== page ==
Friday, June 26, 2009

Gut Check

Last weekend's race was another learning experience for me. I knew that the distances were a little more than just a test for my recently repaired knee, but it's been so long since I've done anything difficult that I felt I needed to push it somewhat.
Push it I did.
Thursday night I drove out to Durango/Purgatory and camped out at the start/end of the CO trail. Friday morning when I woke up, I realized it would be a long weekend when I felt a scratchy throat and some congestion building in the sinuses. Too late now. No turning back no matter what. This would be my mantra throughout the weekend.














The kayak was shortened from 20 miles to 16. 8 UP river and then 8 back down river. The current was about 3-5 knots so it was a stiff paddle, but I surprised myself with how well I handled it. Finished that one in just under 4 hours.
Saturday morning I had some energy, but the breathing was becoming shallower as the wheezing had already started from the head/chest cold. This told me that the mountain bike wasn't going to be easy, but since the legs had felt strong recently, I figured I could wing it.
WRONG!














We started UP the Purgatory ski slopes and in the first couple of miles, we gained a little over 2000 feet of elevation. Instead of taking it easy like I should have, I stayed in a bigger gear and went anaerobic too soon and stayed there for too long. Once we popped out onto the road and the climbing because mroe gradual, I was already nauseaus and my body was going into protect mode and was not giving out the necessary energy. After a short decent on dirt roads we began another gradual climb and despite the nausea, I geared down and tried to push to no avail. My legs felt as though they were filled with cement and I couldn't get any turnover. This was around mile 8.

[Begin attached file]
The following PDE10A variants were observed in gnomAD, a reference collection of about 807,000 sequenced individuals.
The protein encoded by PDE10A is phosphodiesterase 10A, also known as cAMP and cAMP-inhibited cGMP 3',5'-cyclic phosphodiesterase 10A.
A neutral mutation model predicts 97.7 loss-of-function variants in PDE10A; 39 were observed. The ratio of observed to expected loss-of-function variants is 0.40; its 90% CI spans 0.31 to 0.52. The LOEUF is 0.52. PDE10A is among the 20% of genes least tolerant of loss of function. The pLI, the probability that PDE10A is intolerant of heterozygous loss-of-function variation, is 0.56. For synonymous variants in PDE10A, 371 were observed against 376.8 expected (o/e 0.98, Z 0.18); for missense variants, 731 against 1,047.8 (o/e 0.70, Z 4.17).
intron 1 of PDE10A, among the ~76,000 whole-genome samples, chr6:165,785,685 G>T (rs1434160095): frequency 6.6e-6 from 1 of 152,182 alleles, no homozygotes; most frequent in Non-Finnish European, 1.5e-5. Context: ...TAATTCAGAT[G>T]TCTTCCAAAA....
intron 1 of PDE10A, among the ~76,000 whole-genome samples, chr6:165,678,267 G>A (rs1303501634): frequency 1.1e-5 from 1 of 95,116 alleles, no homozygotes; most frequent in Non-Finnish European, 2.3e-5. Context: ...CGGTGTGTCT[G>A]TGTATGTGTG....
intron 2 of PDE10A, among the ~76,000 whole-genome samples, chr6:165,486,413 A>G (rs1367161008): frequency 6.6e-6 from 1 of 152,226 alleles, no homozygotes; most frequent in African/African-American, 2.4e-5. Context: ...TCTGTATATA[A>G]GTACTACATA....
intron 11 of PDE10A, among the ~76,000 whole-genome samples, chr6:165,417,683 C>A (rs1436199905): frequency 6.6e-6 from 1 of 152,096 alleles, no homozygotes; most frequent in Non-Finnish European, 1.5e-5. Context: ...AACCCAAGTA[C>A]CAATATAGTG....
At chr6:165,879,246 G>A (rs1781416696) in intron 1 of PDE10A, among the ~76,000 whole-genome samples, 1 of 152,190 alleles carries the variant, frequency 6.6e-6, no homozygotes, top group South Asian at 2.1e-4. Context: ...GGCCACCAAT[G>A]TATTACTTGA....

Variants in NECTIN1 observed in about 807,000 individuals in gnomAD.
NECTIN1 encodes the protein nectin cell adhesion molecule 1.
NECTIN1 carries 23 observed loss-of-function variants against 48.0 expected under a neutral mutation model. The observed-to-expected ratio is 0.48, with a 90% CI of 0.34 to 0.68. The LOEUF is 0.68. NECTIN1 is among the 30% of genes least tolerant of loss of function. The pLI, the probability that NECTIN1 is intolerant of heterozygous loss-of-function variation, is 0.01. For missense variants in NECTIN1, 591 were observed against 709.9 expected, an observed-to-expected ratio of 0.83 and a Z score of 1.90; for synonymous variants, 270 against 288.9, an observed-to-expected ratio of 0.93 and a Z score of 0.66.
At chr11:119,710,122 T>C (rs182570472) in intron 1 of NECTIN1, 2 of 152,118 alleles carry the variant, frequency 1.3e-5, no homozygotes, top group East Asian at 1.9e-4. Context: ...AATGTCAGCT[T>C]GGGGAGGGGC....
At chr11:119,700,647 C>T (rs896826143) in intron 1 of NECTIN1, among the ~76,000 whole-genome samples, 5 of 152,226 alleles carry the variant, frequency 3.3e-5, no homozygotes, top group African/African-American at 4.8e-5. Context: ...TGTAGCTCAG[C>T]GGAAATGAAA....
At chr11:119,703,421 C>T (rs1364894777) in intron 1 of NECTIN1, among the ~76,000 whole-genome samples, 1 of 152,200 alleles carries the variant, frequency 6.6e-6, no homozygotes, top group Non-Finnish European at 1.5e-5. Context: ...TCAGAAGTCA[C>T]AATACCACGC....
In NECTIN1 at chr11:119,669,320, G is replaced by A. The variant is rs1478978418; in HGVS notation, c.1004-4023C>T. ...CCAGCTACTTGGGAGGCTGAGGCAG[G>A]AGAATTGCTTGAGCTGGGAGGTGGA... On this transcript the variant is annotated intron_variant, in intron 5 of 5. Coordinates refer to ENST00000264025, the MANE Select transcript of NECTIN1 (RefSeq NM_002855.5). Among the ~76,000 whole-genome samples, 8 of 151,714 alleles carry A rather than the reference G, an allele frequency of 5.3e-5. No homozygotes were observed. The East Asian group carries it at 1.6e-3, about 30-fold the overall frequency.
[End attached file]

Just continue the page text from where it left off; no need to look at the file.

The next 30 miles are fuzzy as my mind was in a funk and I was really cold. Rain started and at 11,000 feet it was mixed with some sleet. Forgetting my jacket wasn't my problem, but it sure didn't help any. All I could do to warm up was keep moving and pull up a single arm warmer that I found on the road. Surprisingly, it really did make a difference!
I hit the halfway point (mile 25) and grabbed a banana and topped off the water and moved on. They asked me if I wanted to drop. I guess I looked as badly as I felt and I know I was close enough to the back that I might be close to missing the cut-off time later on.
Me? Drop? No thank you. I may feel like crap and my mind was in the wrong place, but a DNF will never be my choice.
Around mile 38 the nausea started to subside and I could hold down more than just water and electrolytes. Obviously my race was over VERY early on, but I was happy to had survived to that point. Then I downed some cliff shot blocks and felt some turnover return to the legs. The rain and all of the bikers in front of me had churned up the course pretty good and I had mud everywhere. Even under the glasses, but was beginning to enjoy the ride a bit more. The scenery was fantastic when I was able to sneak in a glance at it. Most of the time, I was focused on the technical trail so I didn't eat it.














There were several DNFs in this race so I was happy to have been one of the finishers. After finishing however, I wasn't sure how I was going to run the marathon the next day. I really wondered if my body would recover enough for me to run ANY at all.



















Thankfully, the Endurox and Recoverite I was ingesting each night was helping. So I toed the line on Sunday and prepared myself to try to enjoy some scenery.